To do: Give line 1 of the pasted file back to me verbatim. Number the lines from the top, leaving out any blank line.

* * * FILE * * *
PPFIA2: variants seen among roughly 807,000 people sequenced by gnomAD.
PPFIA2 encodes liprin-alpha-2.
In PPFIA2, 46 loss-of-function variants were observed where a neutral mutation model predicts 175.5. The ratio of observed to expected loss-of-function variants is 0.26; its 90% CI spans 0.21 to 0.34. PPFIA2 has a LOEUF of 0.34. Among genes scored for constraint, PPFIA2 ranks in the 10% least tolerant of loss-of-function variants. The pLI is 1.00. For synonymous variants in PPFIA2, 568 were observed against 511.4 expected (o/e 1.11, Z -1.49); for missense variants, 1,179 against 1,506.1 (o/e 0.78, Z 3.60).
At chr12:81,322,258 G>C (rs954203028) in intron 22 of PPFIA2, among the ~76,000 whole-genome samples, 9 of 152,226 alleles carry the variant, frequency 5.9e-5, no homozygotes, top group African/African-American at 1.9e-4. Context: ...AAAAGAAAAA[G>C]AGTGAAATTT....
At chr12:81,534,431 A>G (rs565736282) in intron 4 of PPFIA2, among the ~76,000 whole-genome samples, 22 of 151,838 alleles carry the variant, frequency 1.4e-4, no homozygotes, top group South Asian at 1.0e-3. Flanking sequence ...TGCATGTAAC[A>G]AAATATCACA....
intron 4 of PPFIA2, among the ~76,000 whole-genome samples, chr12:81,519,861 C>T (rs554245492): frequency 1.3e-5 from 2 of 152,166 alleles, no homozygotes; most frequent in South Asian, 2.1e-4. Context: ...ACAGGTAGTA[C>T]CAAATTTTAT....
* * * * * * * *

PPFIA2: variants seen among roughly 807,000 people sequenced by gnomAD.